COVID Vaccines Becoming Tougher to Find in Some Places

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PORTLAND, Ore. (AP) — Vaccines have suddenly become scarce in some parts of Oregon after months of vaccine surplus in the state and across that nation, officials said.

The situation is a dramatic shift from the late spring, summer and early fall, when Oregon tossed out over 400,000 unused spoiled or expired doses, largely because of lack of demand, The Oregonian/OregonLive reported.

“We acknowledge that doses may be challenging to find right now,” Oregon Health Authority spokesperson Erica Heartquist said in an email Tuesday.

Three days earlier, the authority didn’t indicate any problems in a tweet: “Sites around Oregon are ready to accommodate large numbers of people seeking #COVID19 vaccinations. Offering all three COVID-19 vaccines, these sites are open to everyone eligible for a COVID-19 vaccine or booster.”

Oregon Health Authority officials said the reasons for the temporary shortage are varied. A big one is a dearth of available medical personnel to administer vaccines. Some are busy treating COVID-19 patients from the latest surge.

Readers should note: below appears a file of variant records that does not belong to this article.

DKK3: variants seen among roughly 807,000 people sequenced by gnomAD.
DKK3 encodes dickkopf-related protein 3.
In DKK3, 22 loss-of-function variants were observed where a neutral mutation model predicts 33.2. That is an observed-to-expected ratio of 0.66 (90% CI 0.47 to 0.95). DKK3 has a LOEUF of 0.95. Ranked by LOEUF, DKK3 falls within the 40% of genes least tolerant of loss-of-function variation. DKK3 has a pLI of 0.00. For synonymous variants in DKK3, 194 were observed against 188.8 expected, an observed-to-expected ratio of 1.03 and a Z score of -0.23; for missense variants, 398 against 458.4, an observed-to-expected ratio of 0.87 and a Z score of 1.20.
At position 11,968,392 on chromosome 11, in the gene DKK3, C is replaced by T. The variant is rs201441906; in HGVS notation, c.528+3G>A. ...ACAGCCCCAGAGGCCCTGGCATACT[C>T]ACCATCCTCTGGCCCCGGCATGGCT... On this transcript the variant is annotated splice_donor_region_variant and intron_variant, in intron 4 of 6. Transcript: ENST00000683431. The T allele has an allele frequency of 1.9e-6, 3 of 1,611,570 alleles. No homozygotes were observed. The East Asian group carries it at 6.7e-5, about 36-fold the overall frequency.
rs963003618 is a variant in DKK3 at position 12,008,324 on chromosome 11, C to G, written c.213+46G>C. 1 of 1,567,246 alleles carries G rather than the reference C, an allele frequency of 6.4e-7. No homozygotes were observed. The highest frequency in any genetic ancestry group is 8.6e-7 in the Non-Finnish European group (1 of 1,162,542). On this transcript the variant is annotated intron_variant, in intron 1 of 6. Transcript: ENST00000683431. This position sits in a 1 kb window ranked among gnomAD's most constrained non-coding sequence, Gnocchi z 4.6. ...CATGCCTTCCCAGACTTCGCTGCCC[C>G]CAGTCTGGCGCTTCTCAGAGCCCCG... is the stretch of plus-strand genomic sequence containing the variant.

Many people are now eligible for booster shots, because it’s been more than six months since many were fully vaccinated. The latest concerning coronavirus variant, omicron, was also announced in the past few days.

Heartquist Tuesday acknowledged there currently isn’t enough vaccine in the state to meet demand, but the authority is “confident” more doses will arrive from federal officials to meet Oregon’s needs. She said the agency also is re-distributing doses to areas with higher demand.

She said officials “request patience from Oregonians.”

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